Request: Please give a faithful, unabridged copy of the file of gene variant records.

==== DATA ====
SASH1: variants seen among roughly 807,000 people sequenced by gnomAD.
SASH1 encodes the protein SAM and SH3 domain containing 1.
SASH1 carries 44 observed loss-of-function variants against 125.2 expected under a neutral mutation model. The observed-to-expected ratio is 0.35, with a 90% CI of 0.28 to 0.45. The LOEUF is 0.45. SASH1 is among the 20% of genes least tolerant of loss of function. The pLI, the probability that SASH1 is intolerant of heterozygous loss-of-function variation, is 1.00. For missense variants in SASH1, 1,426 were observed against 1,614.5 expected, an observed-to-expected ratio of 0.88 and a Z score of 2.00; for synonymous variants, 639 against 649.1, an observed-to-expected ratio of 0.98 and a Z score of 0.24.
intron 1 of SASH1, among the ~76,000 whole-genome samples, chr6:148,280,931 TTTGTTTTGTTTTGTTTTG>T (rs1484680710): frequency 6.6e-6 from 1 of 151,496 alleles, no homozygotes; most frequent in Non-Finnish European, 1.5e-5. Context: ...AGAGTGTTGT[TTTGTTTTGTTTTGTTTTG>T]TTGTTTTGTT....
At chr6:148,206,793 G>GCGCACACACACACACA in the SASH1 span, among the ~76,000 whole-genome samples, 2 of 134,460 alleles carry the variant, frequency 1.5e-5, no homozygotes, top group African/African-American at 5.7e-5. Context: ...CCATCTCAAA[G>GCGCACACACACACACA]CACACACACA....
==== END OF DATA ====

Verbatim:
SASH1: variants seen among roughly 807,000 people sequenced by gnomAD.
SASH1 encodes the protein SAM and SH3 domain containing 1.
SASH1 carries 44 observed loss-of-function variants against 125.2 expected under a neutral mutation model. The observed-to-expected ratio is 0.35, with a 90% CI of 0.28 to 0.45. The LOEUF is 0.45. SASH1 is among the 20% of genes least tolerant of loss of function. The pLI, the probability that SASH1 is intolerant of heterozygous loss-of-function variation, is 1.00. For missense variants in SASH1, 1,426 were observed against 1,614.5 expected, an observed-to-expected ratio of 0.88 and a Z score of 2.00; for synonymous variants, 639 against 649.1, an observed-to-expected ratio of 0.98 and a Z score of 0.24.
intron 1 of SASH1, among the ~76,000 whole-genome samples, chr6:148,280,931 TTTGTTTTGTTTTGTTTTG>T (rs1484680710): frequency 6.6e-6 from 1 of 151,496 alleles, no homozygotes; most frequent in Non-Finnish European, 1.5e-5. Context: ...AGAGTGTTGT[TTTGTTTTGTTTTGTTTTG>T]TTGTTTTGTT....
At chr6:148,206,793 G>GCGCACACACACACACA in the SASH1 span, among the ~76,000 whole-genome samples, 2 of 134,460 alleles carry the variant, frequency 1.5e-5, no homozygotes, top group African/African-American at 5.7e-5. Context: ...CCATCTCAAA[G>GCGCACACACACACACA]CACACACACA....